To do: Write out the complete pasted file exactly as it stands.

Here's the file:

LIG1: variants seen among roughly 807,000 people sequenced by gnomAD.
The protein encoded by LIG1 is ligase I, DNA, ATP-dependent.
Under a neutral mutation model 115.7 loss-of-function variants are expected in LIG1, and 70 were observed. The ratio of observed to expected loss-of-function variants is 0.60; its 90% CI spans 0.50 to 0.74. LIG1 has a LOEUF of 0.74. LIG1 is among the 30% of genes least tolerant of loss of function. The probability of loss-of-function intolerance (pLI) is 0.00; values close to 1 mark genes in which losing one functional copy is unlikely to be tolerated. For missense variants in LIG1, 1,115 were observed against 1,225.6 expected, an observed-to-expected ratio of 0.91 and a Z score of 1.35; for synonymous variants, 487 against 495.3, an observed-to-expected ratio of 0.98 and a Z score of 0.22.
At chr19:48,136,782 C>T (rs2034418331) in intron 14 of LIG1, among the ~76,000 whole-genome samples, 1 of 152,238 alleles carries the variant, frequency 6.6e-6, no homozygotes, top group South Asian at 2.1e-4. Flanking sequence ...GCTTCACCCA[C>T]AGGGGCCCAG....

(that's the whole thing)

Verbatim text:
LIG1: variants seen among roughly 807,000 people sequenced by gnomAD.
The protein encoded by LIG1 is ligase I, DNA, ATP-dependent.
Under a neutral mutation model 115.7 loss-of-function variants are expected in LIG1, and 70 were observed. The ratio of observed to expected loss-of-function variants is 0.60; its 90% CI spans 0.50 to 0.74. LIG1 has a LOEUF of 0.74. LIG1 is among the 30% of genes least tolerant of loss of function. The probability of loss-of-function intolerance (pLI) is 0.00; values close to 1 mark genes in which losing one functional copy is unlikely to be tolerated. For missense variants in LIG1, 1,115 were observed against 1,225.6 expected, an observed-to-expected ratio of 0.91 and a Z score of 1.35; for synonymous variants, 487 against 495.3, an observed-to-expected ratio of 0.98 and a Z score of 0.22.
At chr19:48,136,782 C>T (rs2034418331) in intron 14 of LIG1, among the ~76,000 whole-genome samples, 1 of 152,238 alleles carries the variant, frequency 6.6e-6, no homozygotes, top group South Asian at 2.1e-4. Flanking sequence ...GCTTCACCCA[C>T]AGGGGCCCAG....